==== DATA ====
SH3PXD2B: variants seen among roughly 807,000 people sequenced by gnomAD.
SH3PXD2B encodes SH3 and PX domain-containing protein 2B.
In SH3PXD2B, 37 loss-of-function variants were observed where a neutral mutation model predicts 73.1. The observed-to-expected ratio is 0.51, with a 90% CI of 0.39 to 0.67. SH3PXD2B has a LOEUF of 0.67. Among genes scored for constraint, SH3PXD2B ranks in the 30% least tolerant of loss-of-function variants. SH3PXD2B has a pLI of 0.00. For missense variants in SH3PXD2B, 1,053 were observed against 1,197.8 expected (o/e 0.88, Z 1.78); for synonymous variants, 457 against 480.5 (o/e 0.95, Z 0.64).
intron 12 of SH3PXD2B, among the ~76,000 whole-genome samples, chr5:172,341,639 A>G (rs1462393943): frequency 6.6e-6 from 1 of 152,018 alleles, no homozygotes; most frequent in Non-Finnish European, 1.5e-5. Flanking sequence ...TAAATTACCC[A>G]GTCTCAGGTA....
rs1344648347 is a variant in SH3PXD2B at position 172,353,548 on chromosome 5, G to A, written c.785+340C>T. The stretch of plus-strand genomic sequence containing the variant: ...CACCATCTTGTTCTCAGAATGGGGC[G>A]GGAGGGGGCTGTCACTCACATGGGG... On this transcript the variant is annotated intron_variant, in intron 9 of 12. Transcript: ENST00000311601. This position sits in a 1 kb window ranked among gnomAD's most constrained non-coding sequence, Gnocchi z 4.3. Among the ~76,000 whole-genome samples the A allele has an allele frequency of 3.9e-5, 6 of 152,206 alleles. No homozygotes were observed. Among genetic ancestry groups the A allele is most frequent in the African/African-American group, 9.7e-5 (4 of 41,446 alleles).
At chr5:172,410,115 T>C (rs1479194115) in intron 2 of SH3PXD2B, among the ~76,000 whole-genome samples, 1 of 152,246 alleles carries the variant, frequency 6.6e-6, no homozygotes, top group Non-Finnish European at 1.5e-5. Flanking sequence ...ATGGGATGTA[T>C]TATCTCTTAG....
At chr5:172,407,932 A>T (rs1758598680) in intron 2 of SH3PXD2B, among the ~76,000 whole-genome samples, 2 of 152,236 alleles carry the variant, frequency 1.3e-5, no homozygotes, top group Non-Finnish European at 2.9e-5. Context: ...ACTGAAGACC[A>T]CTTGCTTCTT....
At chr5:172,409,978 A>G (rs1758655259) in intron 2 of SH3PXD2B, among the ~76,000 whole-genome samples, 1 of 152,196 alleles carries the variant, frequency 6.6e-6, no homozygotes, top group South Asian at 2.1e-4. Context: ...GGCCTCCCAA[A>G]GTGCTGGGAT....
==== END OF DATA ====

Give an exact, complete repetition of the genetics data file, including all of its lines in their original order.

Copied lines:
SH3PXD2B: variants seen among roughly 807,000 people sequenced by gnomAD.
SH3PXD2B encodes SH3 and PX domain-containing protein 2B.
In SH3PXD2B, 37 loss-of-function variants were observed where a neutral mutation model predicts 73.1. The observed-to-expected ratio is 0.51, with a 90% CI of 0.39 to 0.67. SH3PXD2B has a LOEUF of 0.67. Among genes scored for constraint, SH3PXD2B ranks in the 30% least tolerant of loss-of-function variants. SH3PXD2B has a pLI of 0.00. For missense variants in SH3PXD2B, 1,053 were observed against 1,197.8 expected (o/e 0.88, Z 1.78); for synonymous variants, 457 against 480.5 (o/e 0.95, Z 0.64).
intron 12 of SH3PXD2B, among the ~76,000 whole-genome samples, chr5:172,341,639 A>G (rs1462393943): frequency 6.6e-6 from 1 of 152,018 alleles, no homozygotes; most frequent in Non-Finnish European, 1.5e-5. Flanking sequence ...TAAATTACCC[A>G]GTCTCAGGTA....
rs1344648347 is a variant in SH3PXD2B at position 172,353,548 on chromosome 5, G to A, written c.785+340C>T. The stretch of plus-strand genomic sequence containing the variant: ...CACCATCTTGTTCTCAGAATGGGGC[G>A]GGAGGGGGCTGTCACTCACATGGGG... On this transcript the variant is annotated intron_variant, in intron 9 of 12. Transcript: ENST00000311601. This position sits in a 1 kb window ranked among gnomAD's most constrained non-coding sequence, Gnocchi z 4.3. Among the ~76,000 whole-genome samples the A allele has an allele frequency of 3.9e-5, 6 of 152,206 alleles. No homozygotes were observed. Among genetic ancestry groups the A allele is most frequent in the African/African-American group, 9.7e-5 (4 of 41,446 alleles).
At chr5:172,410,115 T>C (rs1479194115) in intron 2 of SH3PXD2B, among the ~76,000 whole-genome samples, 1 of 152,246 alleles carries the variant, frequency 6.6e-6, no homozygotes, top group Non-Finnish European at 1.5e-5. Flanking sequence ...ATGGGATGTA[T>C]TATCTCTTAG....
At chr5:172,407,932 A>T (rs1758598680) in intron 2 of SH3PXD2B, among the ~76,000 whole-genome samples, 2 of 152,236 alleles carry the variant, frequency 1.3e-5, no homozygotes, top group Non-Finnish European at 2.9e-5. Context: ...ACTGAAGACC[A>T]CTTGCTTCTT....
At chr5:172,409,978 A>G (rs1758655259) in intron 2 of SH3PXD2B, among the ~76,000 whole-genome samples, 1 of 152,196 alleles carries the variant, frequency 6.6e-6, no homozygotes, top group South Asian at 2.1e-4. Context: ...GGCCTCCCAA[A>G]GTGCTGGGAT....